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Book DetailsISBN: 9781471166204
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Book Review: They Both Die at the End by Adam Silvera - Reviewed by Cal's Constant Raving Reviews (04 Oct 2018)
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MY EXPERIENCE WITH THE BOOK: Before you call me heartless and immune to the power of diverse books, please know I appreciated the solemness of this book. I appreciate it going against the grain. The reason this is not rated higher for me was that it made me anxious. Every single time I picked it up. The only other book that made me feel this way was I'll Give You the Sun.
CHARACTERS/DYNAMICS: Mateo: Mateo is our soft gay ??. I totally relate to his thought process, which initially made me not want to read on. I like reading different perspectives sometimes. They bring the unexpected! As the story progresses, all I cared about was his unfortunate story.
Rufus: Rufus was rad to start off with, but I soon felt disconnect to his life-story. Also I got sick of him saying "yo", "mad" and "man". It seemed way to artificial, but who am I to judge???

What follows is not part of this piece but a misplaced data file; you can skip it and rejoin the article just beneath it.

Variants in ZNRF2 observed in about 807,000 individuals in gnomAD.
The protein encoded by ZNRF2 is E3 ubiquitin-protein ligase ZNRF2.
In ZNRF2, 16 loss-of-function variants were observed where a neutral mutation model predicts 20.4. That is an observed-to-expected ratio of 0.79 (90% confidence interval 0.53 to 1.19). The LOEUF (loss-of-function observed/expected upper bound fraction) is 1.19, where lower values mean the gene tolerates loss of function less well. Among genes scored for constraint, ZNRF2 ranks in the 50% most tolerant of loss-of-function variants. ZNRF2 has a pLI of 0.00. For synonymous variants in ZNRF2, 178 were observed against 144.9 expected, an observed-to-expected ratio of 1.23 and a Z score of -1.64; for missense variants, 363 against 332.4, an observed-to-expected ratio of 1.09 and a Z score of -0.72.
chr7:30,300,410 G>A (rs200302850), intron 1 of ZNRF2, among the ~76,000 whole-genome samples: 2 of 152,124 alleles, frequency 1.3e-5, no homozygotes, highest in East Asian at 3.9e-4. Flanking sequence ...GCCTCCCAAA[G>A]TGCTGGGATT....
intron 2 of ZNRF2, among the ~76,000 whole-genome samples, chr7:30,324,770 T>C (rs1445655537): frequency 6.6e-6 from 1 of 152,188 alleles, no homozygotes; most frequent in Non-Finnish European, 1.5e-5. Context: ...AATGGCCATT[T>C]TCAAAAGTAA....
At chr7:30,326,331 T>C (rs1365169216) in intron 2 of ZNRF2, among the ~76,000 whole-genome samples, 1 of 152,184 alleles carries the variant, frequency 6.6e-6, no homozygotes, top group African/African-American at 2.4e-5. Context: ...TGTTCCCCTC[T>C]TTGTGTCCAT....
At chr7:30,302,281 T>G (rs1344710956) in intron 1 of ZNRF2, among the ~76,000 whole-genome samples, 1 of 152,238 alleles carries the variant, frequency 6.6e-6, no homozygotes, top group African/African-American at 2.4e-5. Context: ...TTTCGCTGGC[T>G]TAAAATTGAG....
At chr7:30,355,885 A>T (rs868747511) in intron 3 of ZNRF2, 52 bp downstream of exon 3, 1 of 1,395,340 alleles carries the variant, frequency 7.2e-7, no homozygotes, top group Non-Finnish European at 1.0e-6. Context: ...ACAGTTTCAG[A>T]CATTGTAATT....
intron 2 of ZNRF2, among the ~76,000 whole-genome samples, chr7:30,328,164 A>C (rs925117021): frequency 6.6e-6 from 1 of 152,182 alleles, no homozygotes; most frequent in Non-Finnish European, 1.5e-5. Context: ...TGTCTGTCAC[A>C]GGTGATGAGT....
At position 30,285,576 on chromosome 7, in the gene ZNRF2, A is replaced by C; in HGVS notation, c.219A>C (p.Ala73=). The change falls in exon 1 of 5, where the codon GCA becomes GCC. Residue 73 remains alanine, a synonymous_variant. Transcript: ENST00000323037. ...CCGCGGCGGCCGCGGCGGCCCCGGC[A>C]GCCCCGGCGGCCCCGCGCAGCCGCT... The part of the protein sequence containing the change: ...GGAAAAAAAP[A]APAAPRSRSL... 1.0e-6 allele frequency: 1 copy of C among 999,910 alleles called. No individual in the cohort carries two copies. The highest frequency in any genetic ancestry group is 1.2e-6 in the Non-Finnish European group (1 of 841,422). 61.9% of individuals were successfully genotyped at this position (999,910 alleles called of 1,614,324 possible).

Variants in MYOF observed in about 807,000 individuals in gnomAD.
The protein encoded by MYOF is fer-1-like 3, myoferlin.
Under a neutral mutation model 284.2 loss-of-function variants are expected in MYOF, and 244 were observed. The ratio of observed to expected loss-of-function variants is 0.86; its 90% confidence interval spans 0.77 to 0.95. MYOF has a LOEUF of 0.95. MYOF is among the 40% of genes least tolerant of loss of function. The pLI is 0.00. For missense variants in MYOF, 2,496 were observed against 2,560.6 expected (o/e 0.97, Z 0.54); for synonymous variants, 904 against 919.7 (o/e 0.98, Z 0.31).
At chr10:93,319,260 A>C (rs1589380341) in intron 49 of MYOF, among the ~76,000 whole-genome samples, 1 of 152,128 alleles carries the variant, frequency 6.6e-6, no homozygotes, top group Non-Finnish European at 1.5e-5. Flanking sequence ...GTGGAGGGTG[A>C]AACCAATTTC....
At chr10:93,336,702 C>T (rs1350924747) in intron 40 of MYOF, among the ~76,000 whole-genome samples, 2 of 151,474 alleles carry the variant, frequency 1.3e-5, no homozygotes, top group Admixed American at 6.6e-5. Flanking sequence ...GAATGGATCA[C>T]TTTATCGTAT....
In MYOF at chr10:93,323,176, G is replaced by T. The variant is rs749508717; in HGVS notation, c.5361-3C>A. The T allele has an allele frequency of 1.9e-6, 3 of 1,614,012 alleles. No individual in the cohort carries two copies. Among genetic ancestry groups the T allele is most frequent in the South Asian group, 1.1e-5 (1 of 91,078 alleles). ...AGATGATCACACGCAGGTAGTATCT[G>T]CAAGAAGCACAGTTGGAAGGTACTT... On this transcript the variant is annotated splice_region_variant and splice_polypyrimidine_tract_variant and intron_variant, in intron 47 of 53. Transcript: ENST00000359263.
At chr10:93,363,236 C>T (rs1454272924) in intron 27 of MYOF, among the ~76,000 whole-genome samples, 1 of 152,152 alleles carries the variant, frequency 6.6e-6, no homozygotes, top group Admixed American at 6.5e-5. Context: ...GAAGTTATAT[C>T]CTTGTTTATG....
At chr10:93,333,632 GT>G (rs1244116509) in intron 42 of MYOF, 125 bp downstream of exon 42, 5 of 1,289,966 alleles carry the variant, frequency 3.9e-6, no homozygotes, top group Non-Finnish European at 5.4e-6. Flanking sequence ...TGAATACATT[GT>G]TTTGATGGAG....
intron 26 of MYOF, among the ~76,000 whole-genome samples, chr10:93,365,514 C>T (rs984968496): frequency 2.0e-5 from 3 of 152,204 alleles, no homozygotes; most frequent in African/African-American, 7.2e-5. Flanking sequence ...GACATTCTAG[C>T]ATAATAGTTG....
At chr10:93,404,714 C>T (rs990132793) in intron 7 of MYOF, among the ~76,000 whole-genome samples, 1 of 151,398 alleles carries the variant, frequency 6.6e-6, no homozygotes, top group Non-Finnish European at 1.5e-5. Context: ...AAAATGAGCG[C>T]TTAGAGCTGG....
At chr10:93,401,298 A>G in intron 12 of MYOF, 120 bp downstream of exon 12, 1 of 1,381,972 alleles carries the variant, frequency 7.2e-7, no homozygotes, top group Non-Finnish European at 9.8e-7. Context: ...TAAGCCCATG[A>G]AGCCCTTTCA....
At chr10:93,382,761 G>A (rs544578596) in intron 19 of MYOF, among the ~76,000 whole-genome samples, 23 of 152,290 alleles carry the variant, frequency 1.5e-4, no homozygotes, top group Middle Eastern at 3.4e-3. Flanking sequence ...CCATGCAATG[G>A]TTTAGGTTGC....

PLOT: It's modern day, but allegedly everyone (though I'm sure it's more exclusively Americans) are told the day they're going to die. The catch: it's on the day, usually at 12am.
Mateo and Rufus are like: oh man that blows.
So through the beauty of social media, they befriend each other. They say goodbye.
That's about it.
I was expecting cooler sci-fi elements where they try to defy the system or discover how the Death Cast works.
STRUCTURE: This story alternates mainly between Mateo and Rufus, but there are fun elements of other characters who cross paths with the boys, who may or may not be dying. I really enjoyed Silvera starting each new perspective with "___ is/not going to die today, because Death Cast did/not call them."
THEMES: - ... death - gay latin dudes - all the sad moments in John Green but slightly warped and stretched so it's a bit "meh" than WOW KILL ME.
THE ENDING: (view spoiler) It was a little drawn out, since this entire book is leading to their deaths. I was still surprised about Mateo at the end, though. So... props to that!
IMPACT: Yeah so I now know that Silvera certainly isn't so epically profound for me, but I do appreciate his writing style. It's poetic. However, I generally dislike YA contemporary and his writing is no exception for turning me over.
Adam Silvera was born and raised in the Bronx. He has worked in the publishing industry as a children's bookseller, marketing assistant at a literary development company, and book reviewer of children's and young adult novels. His debut novel, More Happy Than Not, received multiple starred reviews and is a New York Times bestseller, and Adam was selected as a Publishers Weekly Flying Start. He writes full-time in New York City.
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